At the end of every year, two national redistricting vendor firms (the folks you hire to draw your maps if you don’t do it in house) release their congressional reapportionment estimates based on the Census Bureau’s annual state population estimates. We are providing the estimates from Polodata.org here. More later from Election Data Services.
Dec 23, 2014. STATE POPULATION ESTIMATES FOR JULY 1, 2014.
The Census Bureau estimates that the national resident population has increased 9.5 million persons (3.07%) since the July 1, 2010 estimates.
(The comparable rate of growth for the 2000 to 2004 timeframe was 4.06%.)
National totals for Total Resident Population (50 states+DC):
Jul 1, 2014 Estimates: 318,857,056
Jul 1, 2010 Estimates: 309,347,057
(Apr 1, 2010 Census: 308,745,538)
States with the largest percentage gains:
States with the smallest gains or losses:
States closest to the national average rate:
POLIDATA Home Page.
Dec 30, 2014. CONGRESSIONAL APPORTIONMENT ESTIMATES FOR 2014
By using the recent state-level estimates for the post-2010 census estimates it is possible to get a general sense as to which states might gain or lose a seat or more in the apportionment of 2020.
Of course, these are simply to provide a very general idea based upon the assumption that the apportionment would be made upon these numbers alone, without any projection out and without any additional persons for federal overseas personnel.
Were these estimates used to apportion seats in the U.S. House, there would have been only two shifts over the actual apportionment made in December of 2010.
MN would lose 1 seat, dropping from 8 to 7
PA would lose 1 seat, dropping from 18 to 17
NC would gain 1 seat, increasing from 13 to 14
TX would gain 1 seat, increasing from 36 to 37
Note, compared to the previous year’s annual estimates these shifts confirm for MN and NC but add PA and TX.
(In fact, following the actual apportionment in December 2010, two states were flipped, with NC (-16,000) losing out to MN (+9,000) for the last seat.)
Based upon the 2014 estimates: MI is now ranked at 435, with an extra 48,000 persons. PA is now ranked at 436, falling short by 63,000 persons.
Several other states were fairly close to the cutoff of the 435th seat (actually only 385 are apportioned under the formula). Comparing the ranks in the December 2010 apportionment with the July 1, 2014 estimates: (Note that there are some difference in the notations here compared to previous summaries. The parenthetical net compares to positions in the ranks.)
ABOVE the 2014 cutoff:
Seat 431: CA at 53, at 434 in 2010 (+3), with a 427,000 person surplus.
Seat 432: TX at 37, at 447 in 2010 (+15), with a 278,000 person surplus.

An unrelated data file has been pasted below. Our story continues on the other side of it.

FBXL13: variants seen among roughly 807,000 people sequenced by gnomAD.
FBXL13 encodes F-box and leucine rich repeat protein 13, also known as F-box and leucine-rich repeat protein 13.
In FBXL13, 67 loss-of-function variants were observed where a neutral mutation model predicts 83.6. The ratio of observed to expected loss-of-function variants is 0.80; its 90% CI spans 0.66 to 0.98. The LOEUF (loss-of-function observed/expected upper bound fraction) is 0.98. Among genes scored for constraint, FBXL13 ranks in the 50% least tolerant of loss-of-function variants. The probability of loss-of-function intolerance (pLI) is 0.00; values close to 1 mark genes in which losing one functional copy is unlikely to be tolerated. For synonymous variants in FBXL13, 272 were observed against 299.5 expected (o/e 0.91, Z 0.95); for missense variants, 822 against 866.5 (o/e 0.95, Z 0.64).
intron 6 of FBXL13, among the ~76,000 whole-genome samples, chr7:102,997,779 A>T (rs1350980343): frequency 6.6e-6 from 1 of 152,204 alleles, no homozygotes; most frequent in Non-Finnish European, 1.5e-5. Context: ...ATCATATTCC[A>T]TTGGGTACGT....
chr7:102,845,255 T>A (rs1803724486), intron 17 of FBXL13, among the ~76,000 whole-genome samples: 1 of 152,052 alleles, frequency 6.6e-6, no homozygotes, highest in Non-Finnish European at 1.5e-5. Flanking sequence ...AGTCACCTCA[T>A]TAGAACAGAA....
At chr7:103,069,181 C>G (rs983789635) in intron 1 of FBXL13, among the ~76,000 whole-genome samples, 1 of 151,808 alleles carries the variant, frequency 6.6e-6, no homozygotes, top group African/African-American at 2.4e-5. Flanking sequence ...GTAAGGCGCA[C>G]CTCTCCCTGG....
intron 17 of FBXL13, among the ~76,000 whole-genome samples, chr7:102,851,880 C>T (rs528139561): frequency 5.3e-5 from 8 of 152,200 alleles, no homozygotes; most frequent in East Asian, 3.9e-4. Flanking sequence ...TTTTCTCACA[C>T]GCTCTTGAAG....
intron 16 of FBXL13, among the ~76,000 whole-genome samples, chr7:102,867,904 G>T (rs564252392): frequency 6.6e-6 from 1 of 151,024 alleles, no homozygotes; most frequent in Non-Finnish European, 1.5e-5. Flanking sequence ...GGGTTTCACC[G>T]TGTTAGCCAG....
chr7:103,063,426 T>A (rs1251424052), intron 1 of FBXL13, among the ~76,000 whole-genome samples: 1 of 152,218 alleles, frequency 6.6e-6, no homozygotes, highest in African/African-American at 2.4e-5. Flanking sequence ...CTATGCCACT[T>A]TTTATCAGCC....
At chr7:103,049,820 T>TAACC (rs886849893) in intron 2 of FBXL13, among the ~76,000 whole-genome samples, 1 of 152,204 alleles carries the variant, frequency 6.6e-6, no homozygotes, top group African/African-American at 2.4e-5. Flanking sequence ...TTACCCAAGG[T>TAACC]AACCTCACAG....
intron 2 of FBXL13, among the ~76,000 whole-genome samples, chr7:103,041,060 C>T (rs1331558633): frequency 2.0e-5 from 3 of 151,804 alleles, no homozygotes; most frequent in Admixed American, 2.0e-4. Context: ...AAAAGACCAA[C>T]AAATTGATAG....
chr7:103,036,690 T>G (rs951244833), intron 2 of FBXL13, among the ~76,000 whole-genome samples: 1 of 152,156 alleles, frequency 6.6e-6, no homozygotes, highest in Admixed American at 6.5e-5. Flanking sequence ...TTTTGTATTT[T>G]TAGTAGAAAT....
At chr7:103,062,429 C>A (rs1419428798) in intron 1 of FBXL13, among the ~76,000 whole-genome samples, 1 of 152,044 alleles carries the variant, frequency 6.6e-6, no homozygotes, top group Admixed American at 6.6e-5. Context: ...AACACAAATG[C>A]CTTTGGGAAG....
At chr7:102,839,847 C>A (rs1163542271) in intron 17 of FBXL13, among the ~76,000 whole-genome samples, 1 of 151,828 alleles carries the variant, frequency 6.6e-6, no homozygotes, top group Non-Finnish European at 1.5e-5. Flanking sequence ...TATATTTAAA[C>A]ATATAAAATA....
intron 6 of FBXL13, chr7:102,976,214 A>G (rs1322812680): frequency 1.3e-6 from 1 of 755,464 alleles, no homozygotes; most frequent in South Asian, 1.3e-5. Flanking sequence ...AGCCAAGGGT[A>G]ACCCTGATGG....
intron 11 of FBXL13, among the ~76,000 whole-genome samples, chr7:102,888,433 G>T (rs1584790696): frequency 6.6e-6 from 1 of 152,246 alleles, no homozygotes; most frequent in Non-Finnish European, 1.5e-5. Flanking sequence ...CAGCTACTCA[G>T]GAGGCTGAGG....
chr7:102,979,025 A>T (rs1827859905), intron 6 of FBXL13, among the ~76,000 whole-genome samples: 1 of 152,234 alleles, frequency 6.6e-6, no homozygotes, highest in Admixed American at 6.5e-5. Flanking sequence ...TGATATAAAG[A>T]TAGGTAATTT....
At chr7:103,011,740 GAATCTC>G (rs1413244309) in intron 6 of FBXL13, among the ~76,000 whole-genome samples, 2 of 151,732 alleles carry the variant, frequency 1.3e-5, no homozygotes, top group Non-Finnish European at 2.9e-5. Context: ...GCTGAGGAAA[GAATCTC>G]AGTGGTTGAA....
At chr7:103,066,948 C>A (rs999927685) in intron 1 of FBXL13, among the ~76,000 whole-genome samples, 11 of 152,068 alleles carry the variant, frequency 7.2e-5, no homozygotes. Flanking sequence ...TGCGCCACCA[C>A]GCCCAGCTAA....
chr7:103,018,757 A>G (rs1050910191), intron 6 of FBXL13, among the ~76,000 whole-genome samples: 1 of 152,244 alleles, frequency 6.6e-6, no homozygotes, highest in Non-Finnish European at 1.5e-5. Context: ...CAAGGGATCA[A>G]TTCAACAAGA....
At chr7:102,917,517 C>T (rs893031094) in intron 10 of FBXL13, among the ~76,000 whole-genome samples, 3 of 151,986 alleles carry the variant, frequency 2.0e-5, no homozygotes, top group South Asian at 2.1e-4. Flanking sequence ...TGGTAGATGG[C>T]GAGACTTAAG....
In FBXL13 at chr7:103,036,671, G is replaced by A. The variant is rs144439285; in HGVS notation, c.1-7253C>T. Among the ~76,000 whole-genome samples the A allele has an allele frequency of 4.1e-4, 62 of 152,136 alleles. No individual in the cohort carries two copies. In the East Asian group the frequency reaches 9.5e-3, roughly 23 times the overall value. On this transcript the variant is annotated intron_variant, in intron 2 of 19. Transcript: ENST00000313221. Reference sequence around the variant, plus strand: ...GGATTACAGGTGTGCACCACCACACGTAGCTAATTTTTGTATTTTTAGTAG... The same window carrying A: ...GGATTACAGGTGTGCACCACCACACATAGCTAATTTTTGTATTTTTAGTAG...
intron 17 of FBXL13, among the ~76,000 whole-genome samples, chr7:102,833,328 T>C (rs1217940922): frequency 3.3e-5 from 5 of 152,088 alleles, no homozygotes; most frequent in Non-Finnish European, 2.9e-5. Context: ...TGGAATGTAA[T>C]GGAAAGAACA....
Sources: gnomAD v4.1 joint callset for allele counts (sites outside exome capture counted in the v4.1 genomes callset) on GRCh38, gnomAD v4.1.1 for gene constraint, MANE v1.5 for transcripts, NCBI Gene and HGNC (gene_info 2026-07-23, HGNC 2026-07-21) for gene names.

Seat 433: NC at 14, at 436 in 2010 (+3), with a 82,000 person surplus.
Seat 434: IL at 18, at 423 in 2010 (-11), with a 93,000 person surplus.
Seat 435: MI at 14, at 424 in 2010 (-11), with a 48,000 person surplus.
BELOW the 2014 cutoff:
Seat 436: PA at 18, at 427 in 2010 (-9), with a 63,000 person deficit.
Seat 437: MN at 8, at 435 in 2010 (-2), with a 40,000 person deficit.
Seat 438: CA at 54, at 445 in 2010 (+7), with a 495,000 person deficit.
Seat 439: OR at 6, at 442 in 2010 (+3), with a 53,000 person deficit.
Seat 440: VA at 12, at 444 in 2010 (+4), with a 113,000 person deficit.
POLIDATA Home Page.
Dec 30, 2014. STATE POPULATION ESTIMATES FOR JULY 1, 2014: PROJECTIONS TO 2020
Based upon the new 2014 state-level estimates (see above), a quick review of projections out from July 1, 2014 to July 1, 2020 is the basis for a quick review of possible scenarios in the future.
These projections are simple extrapolations based upon the most recent trends and do not account for any overseas personnel nor are they adjusted for the April 1, 2020 census date.
There could be 6 states gaining and 7 or 8 states losing a seat or more based upon alternative scenarios. The scenarios simply modify the rate of growth from the most recent years.
Of these 14 or 15 states only 1 would see a shift or more than 1 seat: TX could gain 2 or 3 seats depending upon the scenario.
States that could gain:
CO, FL, MT, NC, TX, and VA
States that could lose:
IL, MI, MN, NY, OH, PA, RI, and WV
The only difference in the states listed is that in one scenario MN would remain at 8 and TX gain only 2 but in the other scenarios MN would lose and TX would gain 3.
The positions of states varies in the scenarios: AL and MT are seats 435 and NY and CA are seat 436. In several cases the number of persons in the surplus or deficit is under 25,000.
POLIDATA Home Page.
Dec 30, 2013. STATE POPULATION ESTIMATES FOR JULY 1, 2013.